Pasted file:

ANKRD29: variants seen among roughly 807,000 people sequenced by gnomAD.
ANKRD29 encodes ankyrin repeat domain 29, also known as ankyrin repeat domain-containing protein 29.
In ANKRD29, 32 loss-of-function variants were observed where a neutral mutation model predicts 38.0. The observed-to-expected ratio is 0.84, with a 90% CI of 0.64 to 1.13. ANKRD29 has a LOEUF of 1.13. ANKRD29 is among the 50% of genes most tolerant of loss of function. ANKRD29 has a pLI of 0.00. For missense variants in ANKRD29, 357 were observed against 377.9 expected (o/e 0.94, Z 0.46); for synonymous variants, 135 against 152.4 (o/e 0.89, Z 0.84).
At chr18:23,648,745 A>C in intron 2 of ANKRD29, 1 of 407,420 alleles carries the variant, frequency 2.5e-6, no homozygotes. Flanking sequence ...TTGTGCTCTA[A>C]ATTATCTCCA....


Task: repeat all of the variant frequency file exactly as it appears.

ANKRD29: variants seen among roughly 807,000 people sequenced by gnomAD.
ANKRD29 encodes ankyrin repeat domain 29, also known as ankyrin repeat domain-containing protein 29.
In ANKRD29, 32 loss-of-function variants were observed where a neutral mutation model predicts 38.0. The observed-to-expected ratio is 0.84, with a 90% CI of 0.64 to 1.13. ANKRD29 has a LOEUF of 1.13. ANKRD29 is among the 50% of genes most tolerant of loss of function. ANKRD29 has a pLI of 0.00. For missense variants in ANKRD29, 357 were observed against 377.9 expected (o/e 0.94, Z 0.46); for synonymous variants, 135 against 152.4 (o/e 0.89, Z 0.84).
At chr18:23,648,745 A>C in intron 2 of ANKRD29, 1 of 407,420 alleles carries the variant, frequency 2.5e-6, no homozygotes. Flanking sequence ...TTGTGCTCTA[A>C]ATTATCTCCA....